at least they're quiet:
spending time with the dead

Buried Alive
Jan Bondeson
(Norton, 256 pages)
buried alive cover
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The Mummy Congress
Heather Pringle
(Viking Penguin, 342 pages)
the mummy congress cover
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Death, said Francis Bacon, is as fearful to adults as the dark is to a child. “And as that natural fear in children is increased with tales, so is the other.” In that spirit, books about death are probably as perennially popular as books about love, food, or money. 

While it’s true, as Bacon said, that death fills nearly every sane person with terror, it also holds an abiding fascination, and we’ve all attempted, from time to time, to stare it in the face, in murder mysteries and horror movies, in tales of war and atrocity, and in popular cable television shows predicated on little more than gruesome emergency room dramas featuring, as stars, living hearts pumping wetly and desperately in open, blood-washed chest cavities.

Stories about ghosts and vampires are almost prehistoric scraps of myth, kept alive by the reasonable human wish that the dead should stay dead, and an almost primitive fear that they might not. Buried Alive is a different kind of story about the undead, a history of popular myths concerning unfortunate souls interred while still alive, a nightmare that seems to have taken hold of the European popular mind several times, subsiding only in the last century. Imagine Poe’s “The Telltale Heart” as giddy non-fiction.

Jan Bondeson, a doctor of experimental medicine, lets a playfully morbid mind run pleasantly amok in this brief and entertaining book. The illustrations, of “safety coffins”, plans for “waiting mortuaries”, and devices for administering smoke enemas to dubious cadavers, are all from his private collection. He traces the mythic history of the prematurely entombed from the late middle ages through the long upward progress of medical science, as doctors slowly freed themselves from the flawed physic of Aristotle through Paracelsus, to the critical debates over precisely what constituted vital signs in the apparently deceased.

In amongst the welter of late 18th-century reform movements - against slavery, serfdom, and monarchy - rose an equally heartfelt movement to guard against premature internment, fanned by pamphlets and books full of questionable science and much unsupported anecdote, insisting that fully as many as a third of all burials were of living persons. Germany was afflicted hardest, and the leichenhäus, or “waiting mortuary”, began to spring up in cities like Munich and Weimar, where attendants sat waiting for telltale systems of pulleys and bells to announce the revival of the corpses under their charge, the dead lying for up to a week on pallets garlanded with strong-smelling bouquets to (barely) mask the smell of putrefaction.

Those of strong stomach will find much useful information on the process of decay in Bondeson’s book, as well as Vancouver journalist Heather Pringle’s lively - in spite of its subject - book on mummies. Pringle begins her book at the Third World Congress of Mummy Studies, held in Arica, Peru, a notably unglamorous spot on the Pacific coast notable mainly for its proximity to a vast, arid mountain plain renowned for its wealth of preserved Precolumbian corpses.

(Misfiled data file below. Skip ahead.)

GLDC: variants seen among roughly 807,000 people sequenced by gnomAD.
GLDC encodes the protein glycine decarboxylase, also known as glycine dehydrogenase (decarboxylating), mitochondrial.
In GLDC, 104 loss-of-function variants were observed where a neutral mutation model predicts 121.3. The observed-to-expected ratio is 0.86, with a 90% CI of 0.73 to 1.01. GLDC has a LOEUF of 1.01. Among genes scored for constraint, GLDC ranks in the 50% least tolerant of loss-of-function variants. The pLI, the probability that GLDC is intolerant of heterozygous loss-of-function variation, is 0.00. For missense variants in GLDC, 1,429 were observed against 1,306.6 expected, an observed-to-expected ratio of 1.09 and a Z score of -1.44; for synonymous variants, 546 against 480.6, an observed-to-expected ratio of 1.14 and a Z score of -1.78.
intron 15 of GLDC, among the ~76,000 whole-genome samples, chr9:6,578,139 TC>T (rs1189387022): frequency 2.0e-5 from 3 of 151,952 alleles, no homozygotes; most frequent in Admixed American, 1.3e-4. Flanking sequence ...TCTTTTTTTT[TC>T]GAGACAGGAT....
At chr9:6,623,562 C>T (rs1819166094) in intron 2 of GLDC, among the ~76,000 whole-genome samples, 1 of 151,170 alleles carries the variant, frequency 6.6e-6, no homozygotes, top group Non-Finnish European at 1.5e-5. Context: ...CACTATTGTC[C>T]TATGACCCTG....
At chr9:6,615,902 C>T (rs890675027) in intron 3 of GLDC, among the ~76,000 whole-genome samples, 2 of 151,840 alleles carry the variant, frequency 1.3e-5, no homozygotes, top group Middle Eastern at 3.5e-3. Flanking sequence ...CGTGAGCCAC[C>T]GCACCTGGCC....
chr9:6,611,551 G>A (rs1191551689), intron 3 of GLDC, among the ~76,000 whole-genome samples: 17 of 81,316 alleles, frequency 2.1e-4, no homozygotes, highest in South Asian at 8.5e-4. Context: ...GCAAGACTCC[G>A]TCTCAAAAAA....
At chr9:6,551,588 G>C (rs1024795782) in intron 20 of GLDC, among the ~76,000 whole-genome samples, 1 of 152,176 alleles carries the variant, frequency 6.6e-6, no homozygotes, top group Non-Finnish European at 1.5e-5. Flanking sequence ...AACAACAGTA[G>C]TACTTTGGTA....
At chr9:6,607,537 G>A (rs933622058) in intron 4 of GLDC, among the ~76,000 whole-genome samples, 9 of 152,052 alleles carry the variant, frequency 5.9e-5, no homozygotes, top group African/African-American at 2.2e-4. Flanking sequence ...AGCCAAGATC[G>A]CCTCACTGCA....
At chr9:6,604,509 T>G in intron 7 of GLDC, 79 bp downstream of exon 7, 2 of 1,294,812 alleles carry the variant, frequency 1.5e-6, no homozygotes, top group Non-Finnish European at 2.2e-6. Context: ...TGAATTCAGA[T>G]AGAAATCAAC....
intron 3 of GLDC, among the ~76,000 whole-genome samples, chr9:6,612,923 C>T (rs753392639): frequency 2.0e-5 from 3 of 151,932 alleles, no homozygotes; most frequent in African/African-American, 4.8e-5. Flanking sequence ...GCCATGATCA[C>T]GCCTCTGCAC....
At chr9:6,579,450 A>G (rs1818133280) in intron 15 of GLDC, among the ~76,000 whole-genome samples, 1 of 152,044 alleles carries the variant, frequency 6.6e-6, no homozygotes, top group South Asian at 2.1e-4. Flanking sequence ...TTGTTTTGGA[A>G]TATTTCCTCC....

The cast of obsessives Pringle meets at the congress act as her tour guides through the land of the dead, and she jets all over the world to watch a pathologist rip open mummy wrappings with a swiss army knife in a makeshift morgue in the Egyptian desert, to ponder the “uncorrupted” bodies of saints, and to talk to the men and women in charge of keeping Lenin preserved in his mausoleum on Red Square. 

Along the way, she explores the political significance of the preserved dead. Recently, Nazi ideologues tried to use mummies to prove the existence of an ancient, aryan “master race”. Before that, anti-abolitionists tried to use them to demonstrate the historical and genetic legitimacy of slavery. Today, mummies found in the Americas and in China are suggesting inconvenient flaws in venerable theories of aboriginal migration and culture, as the living try to lay claim to - or disown - the dead.

In both books, we learn a lot about the action of enzymes in cellular destabilization (also known as “rot”) and the great skill shown both by ancient societies and nature in preserving dead bodies. Both books will leave you with indelible images, such as long-dead children with faces still flush, cheeks plump with baby fat, and the bodies of kings, bloated with gas and exploding on their biers as they lie in state. Death, it seems, is both perverse and wise, rewarding the obscure with a kind of eternal life, and reminding us that even the mighty are little more than overheated bags of water and bile.

©2001, 2002 Rick McGinnis